But the answer I have is “yes, they should always make these legacy products available where there is demand”. there are certainly games which have only benefitted from their updates, but… sometimes you just shouldn’t mess with what people actually LIKE. It’s like saying “well all you Fiat owners are well and good but now we’re going to take your cars back, repaint them yellow, and you’ll like it that way because yellow is our standard color now.”

  8. GreenPepper

    I would not expect developers to support outdated versions of a game provided the updated versions are provided to the customer for free – with the exception of cases where the developer makes a promise to support outdated versions.

    As for having access to outdated versions, I definitely think they should be provided to the consumer. There are many cases where people have bought a game, been satisfied with what they received initially, but then felt like they got ripped off after receiving an update for it that ultimately broke more things than it fixed. To me, I view it as theft to essentially rob the consumer of what they paid for and replacing it with a copy that the developer decided is what they actually should use – without their consent.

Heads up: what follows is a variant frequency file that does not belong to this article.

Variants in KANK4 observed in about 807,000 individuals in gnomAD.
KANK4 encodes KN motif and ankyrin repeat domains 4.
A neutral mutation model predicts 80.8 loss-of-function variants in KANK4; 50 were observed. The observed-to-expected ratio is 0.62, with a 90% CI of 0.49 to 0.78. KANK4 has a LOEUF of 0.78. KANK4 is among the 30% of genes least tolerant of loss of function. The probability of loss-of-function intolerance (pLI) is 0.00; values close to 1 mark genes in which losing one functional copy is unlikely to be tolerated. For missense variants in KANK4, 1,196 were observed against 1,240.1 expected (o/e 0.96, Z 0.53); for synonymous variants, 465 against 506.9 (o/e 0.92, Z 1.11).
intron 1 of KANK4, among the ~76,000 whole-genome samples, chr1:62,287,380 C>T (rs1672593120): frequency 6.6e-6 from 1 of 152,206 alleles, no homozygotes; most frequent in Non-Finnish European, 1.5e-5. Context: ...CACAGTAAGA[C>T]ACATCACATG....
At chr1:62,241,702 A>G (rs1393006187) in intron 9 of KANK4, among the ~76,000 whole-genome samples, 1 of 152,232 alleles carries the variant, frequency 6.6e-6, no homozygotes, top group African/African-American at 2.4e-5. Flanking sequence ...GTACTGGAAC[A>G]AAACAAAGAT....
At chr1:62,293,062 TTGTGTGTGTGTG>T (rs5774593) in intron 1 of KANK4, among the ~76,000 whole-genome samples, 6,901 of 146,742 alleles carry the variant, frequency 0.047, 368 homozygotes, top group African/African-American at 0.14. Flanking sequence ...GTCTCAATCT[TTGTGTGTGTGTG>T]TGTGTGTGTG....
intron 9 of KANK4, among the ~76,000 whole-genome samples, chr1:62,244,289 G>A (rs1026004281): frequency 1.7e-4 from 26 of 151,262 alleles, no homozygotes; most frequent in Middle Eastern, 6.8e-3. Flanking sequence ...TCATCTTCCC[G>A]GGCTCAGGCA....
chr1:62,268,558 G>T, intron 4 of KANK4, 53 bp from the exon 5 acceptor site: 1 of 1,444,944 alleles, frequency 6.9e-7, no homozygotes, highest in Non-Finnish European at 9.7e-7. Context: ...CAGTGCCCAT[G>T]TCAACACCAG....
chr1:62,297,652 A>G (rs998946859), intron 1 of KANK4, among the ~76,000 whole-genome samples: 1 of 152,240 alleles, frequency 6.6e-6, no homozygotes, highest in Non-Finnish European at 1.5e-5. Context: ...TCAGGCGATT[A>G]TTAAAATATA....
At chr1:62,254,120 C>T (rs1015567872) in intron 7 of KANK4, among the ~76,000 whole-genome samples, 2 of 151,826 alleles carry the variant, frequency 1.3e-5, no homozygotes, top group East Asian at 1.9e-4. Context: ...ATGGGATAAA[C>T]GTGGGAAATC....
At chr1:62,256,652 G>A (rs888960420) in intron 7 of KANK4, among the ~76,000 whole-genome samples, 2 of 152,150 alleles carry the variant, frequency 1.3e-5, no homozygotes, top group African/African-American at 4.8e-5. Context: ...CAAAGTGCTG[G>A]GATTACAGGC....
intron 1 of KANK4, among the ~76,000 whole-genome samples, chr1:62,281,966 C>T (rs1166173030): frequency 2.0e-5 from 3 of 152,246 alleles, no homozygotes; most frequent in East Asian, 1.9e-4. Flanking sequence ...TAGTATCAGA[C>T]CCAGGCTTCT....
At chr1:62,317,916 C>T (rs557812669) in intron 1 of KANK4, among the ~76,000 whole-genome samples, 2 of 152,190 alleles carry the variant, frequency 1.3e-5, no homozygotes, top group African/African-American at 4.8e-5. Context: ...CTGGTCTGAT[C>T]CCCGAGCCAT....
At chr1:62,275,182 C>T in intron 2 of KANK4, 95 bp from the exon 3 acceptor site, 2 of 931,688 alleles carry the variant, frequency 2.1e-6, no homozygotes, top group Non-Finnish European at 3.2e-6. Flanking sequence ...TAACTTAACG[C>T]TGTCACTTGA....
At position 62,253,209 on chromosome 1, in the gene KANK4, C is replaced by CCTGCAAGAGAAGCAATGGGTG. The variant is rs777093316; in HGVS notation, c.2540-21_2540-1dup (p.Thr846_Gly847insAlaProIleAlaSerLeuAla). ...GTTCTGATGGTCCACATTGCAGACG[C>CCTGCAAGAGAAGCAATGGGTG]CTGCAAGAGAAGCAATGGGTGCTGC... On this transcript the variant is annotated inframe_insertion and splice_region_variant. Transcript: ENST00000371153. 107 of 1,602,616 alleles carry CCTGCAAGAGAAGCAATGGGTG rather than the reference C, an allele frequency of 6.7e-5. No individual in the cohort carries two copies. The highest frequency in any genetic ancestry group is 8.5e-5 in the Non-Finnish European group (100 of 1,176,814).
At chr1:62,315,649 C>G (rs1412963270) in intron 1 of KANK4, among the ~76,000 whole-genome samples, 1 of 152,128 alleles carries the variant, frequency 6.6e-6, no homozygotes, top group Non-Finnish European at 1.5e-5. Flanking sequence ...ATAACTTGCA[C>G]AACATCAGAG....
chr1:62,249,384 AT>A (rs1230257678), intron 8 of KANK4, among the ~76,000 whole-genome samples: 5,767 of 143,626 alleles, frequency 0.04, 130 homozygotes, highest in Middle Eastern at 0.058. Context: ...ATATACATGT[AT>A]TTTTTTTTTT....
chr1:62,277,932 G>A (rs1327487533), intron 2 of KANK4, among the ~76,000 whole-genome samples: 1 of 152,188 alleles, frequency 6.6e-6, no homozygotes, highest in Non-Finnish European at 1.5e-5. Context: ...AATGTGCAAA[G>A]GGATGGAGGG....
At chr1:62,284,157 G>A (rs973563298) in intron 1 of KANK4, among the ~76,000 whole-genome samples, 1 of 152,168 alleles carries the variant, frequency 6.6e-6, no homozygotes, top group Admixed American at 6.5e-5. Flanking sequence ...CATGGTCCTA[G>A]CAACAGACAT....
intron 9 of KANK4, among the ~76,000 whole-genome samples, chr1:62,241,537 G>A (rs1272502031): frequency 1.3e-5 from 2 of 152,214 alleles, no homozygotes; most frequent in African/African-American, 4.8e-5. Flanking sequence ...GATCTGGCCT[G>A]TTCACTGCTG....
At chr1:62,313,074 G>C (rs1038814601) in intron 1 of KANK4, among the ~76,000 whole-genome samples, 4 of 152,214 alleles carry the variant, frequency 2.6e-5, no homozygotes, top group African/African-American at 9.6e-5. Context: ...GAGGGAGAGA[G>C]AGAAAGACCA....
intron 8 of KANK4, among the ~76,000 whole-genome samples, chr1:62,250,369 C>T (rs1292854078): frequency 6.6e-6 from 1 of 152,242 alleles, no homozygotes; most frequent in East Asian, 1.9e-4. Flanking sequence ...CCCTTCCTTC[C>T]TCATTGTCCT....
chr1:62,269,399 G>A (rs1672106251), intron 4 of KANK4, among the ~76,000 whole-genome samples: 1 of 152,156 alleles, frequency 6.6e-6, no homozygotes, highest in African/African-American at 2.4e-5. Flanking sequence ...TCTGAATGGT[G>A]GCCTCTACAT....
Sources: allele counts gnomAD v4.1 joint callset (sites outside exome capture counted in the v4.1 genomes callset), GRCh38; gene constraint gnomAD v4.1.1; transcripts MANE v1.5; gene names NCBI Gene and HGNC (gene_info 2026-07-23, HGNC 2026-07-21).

I do not think Valve or any other bloodsucking corporation will make any attempt to give more choice to the consumer unless they are forced to under pressure. Corporate fascists are religiously devoted to having as much power and wealth as possible. If Valve wishes to prove me wrong about this issue, then by all means I implore them to add this feature and give consumers more freedom of choice.

    1. I think I used the wrong word with support. I just meant “allow users to have access to all the major versions created independently”.

  9. galocza

    actually a mp game came to my mind reading this poll: counter-strike. id love to play 1.0/1.1 and 1.3. old maps, old rules.